New to the game is the ship combat system. Battles are a turn based system that offers you several types of choices to make. From boarding ships, making turns, ramming the other ship, firing cannons, or even sailing ahead at various speeds make them enjoyable as every decision is yours to make. Your ship actually replaces the stronghold in this game as it is where you go to recuperate, change out party members, store items, etc. Your ship though is customizable, so you can upgrade it, name it, choose your flag and colors, hire new crew members and make various other changes. Your ship is like having another character to control and micromanage.
Obsidian definitely took advantage of their creative freedom for this entry as it definitely shows in every aspect of the game. They wanted to not only improve on the first game, but to make sure that there was so much more to do and see in this one. As someone who thought the first game was amazing – I can see how much blood, sweat, and tears were put into the development of this game!
It’s really hard to talk more about the story without having spoilers, but you can tell that the writers took their time to figure out the best way to tell the story. One thing that makes or breaks an RPG game for me is the story. From the way it’s told and presented to the dialogue with your companions and various other NPCs, says a lot about how well I will enjoy a game. The writing in POE2 is very well done! The tonal changes in dialogue and narration, the colorful vocabulary, and the vibrant descriptions from the narrator not only making the conversations believable, but also make reading and listening to the game a delight. The voice actors chosen for the game and the script are also notable changes that helped improve the story and storytelling in the game.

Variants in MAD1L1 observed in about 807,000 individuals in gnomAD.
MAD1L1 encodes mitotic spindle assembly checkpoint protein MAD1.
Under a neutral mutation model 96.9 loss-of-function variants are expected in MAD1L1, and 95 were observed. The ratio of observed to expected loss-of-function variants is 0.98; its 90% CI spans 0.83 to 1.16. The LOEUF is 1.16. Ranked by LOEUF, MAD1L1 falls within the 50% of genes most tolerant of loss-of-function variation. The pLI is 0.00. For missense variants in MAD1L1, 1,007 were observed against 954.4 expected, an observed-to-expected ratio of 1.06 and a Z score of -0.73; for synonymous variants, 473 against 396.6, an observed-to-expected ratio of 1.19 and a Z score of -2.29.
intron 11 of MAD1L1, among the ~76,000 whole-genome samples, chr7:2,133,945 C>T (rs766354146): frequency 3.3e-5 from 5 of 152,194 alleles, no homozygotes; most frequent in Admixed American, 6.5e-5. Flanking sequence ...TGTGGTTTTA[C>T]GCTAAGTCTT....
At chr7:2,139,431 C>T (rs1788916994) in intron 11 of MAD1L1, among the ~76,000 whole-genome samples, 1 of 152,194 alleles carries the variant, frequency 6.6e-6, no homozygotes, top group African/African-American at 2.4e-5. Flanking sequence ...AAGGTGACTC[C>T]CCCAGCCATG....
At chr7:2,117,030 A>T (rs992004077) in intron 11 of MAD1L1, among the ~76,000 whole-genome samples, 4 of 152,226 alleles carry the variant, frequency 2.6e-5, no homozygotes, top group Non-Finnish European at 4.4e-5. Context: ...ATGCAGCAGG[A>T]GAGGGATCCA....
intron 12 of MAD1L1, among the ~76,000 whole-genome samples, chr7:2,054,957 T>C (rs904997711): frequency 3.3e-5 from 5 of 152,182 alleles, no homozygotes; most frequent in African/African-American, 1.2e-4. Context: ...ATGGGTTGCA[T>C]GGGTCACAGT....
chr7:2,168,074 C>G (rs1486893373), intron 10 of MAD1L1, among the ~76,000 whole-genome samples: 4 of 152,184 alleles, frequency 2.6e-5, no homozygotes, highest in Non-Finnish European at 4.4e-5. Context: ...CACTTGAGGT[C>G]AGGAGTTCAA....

The game is filled with many memorable moments, enjoyable character interactions, lots of quests, and overall a great story. Add to that the well done voice acting, exceptional writing, fantastic setting, enjoyable storytelling, and the challenging combat, making this a near perfect example of a well done RPG. Besides a few minor technical issues which are not game breaking in any way. My main complaint has to be that I was sad that I beat the game, because it was one that I enjoyed playing every minute of the 80+ hours I put into it.
Overall I feel that Pillars of Eternity II: Deadfire is one of the best RPGs I played on PC this year! It is definitely a 9.5/10 in my book!
A digital copy of the game was provided by the publisher for the purpose of this review
Tiffany "CeissaDesiste" Toms
Long time female gamer who has been playing all genres since the Atari 2600 and Commodore 64 days. Freelance Graphic Artist, Web Designer, Beta Tester, and studied one year of Game Design. I play games on PC, PS4, PS3, Wii, Wii U, Nintendo Switch, 3DS, Xbox 360, PSVita, and Android. Freelance Writer, Reviewer, and News Editor/Asst. Director for Anjel Syndicate since the site launched! Part time employee of a major video game retailer.